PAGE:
In a special interview with IMEMC correspondent in Gaza, Ahmad Abu Houli, a Fatah member of the Palestinian Legislative Council (PLC) said that the success of the latest Mecca deal on a unity government depends on Hamas’s renunciation of its rhetoric.
In a special interview with IMEMC correspondent in Gaza, Ahmad Abu Houli, a Fatah member of the Palestinian Legislative Council (PLC) said that the success of the latest Mecca deal on a unity government depends on Hamas’s renunciation of its rhetoric.

-What are the factors behind Mecca Deal Success?

In order to have a sustainable agreement on a national unity government, Hamas should abandon its rhetoric, which is based on dismissing other players and linking the national interests with other regional parties’ like Syria and Iran. Therefore, Hamas should not allow such parties to use our national cause for the best of their own objectives.

The letter of assignment presented by President Abbas to the Prime Minister, Ismail Haniya, included clear-cut points that Hamas, including its supreme Khaled Mash’al, agreed to during the Mecca talks. These points were: the government should commit to the interests of the Palestinian people in accordance with the Palestinian prisoners’ conciliation document, the Arab summits’ relevant findings, the Oslo accords, which all refer to a Palestinian state within the 1967 borders.

I believe that the task letter has been clear enough but Hamas does not have enough audacity to convince its ranks of it, thus turning from an extremist-oriented rhetoric into a realistic one.

-What is the alternative to the failure of Mecca Deal?

Frankly, failure of Mecca talks means a civil war. However, the fact that both Fatah and Hamas have realized that each can never assume the Palestinian politics alone; Saudi Arabia’s pledge to support the deal politically and financially; and past experiences with the Israeli occupation’s intransigence in terms of peace with the Palestinians, have all reduced the possibility of such a civil war.

Both Israel and the United States, especially in the upcoming three-way summit between President Abbas, Israeli Prime Minister Olmert and US Secretary of State Condoleezza Rice, should not take intransigent positions towards the Mecca Deal, and rather help the President and Fatah.

Helping the President, amidst Hamas extremism, would mean emergence of a new moderate stream within this movement that would soften positions regarding possible final settlement talks.

I believe that Israel’s failure to implement the Road Map peace blueprint by setting forth 14 reservations, has bolstered Hamas’s position in the Palestinian street. This is a matter that brought Hamas to power and led the Palestinian territories to an unprecedented state of ‘political divergence’.
Our people are looking forward to peace, yet what is needed is concessions for the sake of peace. I believe that peace in the region requires the concerned parties, including Israel, to produce ‘considerable concessions’. For this purpose, next month four regional countries will present new ideas for Palestinian-Israeli peace. I believe that such an opportunity should be seized.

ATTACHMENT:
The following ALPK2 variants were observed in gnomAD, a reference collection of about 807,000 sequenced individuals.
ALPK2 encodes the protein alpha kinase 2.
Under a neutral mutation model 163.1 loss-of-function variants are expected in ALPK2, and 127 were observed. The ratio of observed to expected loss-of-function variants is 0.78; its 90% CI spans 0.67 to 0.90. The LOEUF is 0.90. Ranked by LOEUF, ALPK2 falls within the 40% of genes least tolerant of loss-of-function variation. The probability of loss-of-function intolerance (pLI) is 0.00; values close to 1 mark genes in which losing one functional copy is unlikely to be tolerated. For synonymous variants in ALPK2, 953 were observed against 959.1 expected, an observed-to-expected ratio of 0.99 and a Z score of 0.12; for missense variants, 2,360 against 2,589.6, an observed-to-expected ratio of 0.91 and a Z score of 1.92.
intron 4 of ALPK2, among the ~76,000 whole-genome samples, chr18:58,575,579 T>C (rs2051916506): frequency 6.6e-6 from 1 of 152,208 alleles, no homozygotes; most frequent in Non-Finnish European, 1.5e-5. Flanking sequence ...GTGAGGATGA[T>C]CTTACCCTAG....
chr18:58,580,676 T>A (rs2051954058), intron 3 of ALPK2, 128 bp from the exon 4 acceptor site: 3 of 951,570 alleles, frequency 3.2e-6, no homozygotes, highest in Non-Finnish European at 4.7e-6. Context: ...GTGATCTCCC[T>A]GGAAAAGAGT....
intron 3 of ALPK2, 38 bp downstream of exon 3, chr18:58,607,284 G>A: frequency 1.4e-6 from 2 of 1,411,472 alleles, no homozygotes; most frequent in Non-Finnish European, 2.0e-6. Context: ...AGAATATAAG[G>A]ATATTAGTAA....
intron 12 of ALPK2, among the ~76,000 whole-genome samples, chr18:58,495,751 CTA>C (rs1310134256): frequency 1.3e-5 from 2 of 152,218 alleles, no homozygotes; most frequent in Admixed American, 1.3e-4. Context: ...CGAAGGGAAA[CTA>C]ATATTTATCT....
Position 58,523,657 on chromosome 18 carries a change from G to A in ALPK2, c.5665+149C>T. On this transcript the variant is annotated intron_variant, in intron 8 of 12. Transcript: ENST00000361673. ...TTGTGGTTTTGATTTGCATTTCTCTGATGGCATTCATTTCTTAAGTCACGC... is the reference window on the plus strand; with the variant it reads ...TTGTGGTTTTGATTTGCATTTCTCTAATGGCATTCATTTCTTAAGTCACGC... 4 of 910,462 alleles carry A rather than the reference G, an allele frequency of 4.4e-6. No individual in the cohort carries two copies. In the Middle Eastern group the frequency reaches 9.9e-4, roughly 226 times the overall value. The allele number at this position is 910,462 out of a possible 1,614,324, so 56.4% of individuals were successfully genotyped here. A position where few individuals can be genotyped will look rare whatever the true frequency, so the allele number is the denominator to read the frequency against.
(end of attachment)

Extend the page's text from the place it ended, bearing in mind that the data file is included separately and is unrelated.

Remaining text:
-What Measures could the PLC take to end chaos and lawlessness across the Palestinian territories?

The PLC includes majority members of Hamas (78 out of 132 seats), therefore, the PLC’s work has been blocked, apparently, by a Hamas decision.

As we are all representatives of the Palestinian people irrespective of their affiliations, what is required is that the PLC should assume its ordinary role away from the duplication being practiced by Hamas. That means that Hamas’s bloc (Change and Reform) should not act as if it were the government. The PLC’s role is to watch the government’s performance for the good of the people, who voted for the PLC members.

Let me give you an instance. Fatah has passed a bill demanding interrogation of the interior minister, with respect to a security lapse and lawlessness, based on the basic law of the Palestinian Authority. Unfortunately, the PLC is yet to be convened, and a session on this issue has been delayed many times.

The sessions have been delayed due to absence of the members of the Change and Reform bloc. I believe that the reason behind this is the fact that Hamas is not willing to account for the interior ministry, Said Siyam, who is one of its seniors. I believe that this was ‘intentional’.

So far, Hamas is exclusively acting within its own platform, dismissing others and taking power into its own hands.

-Given the fact that the Palestinian society is tribal-based, can influential families in the Gaza Strip help prevent recurrence of infighting?

In light of my own experience, I am confident that our society will be able to contain such sorrowful events in the future, as the losers are these families who lose their beloved ones for nothing. All are losers in this internal conflict, yet I believe that conciliation committees, made up of clans’ chiefs, would yield no effort to contain recent family disputes because of infighting by means of Diya (financial compensation for families of the killed) as well as reconciliation efforts.

Ahmad Abu Houli, P.HD of Social Sciences and a Fatah member of Palestinian parliament, lives in central Gaza Strip.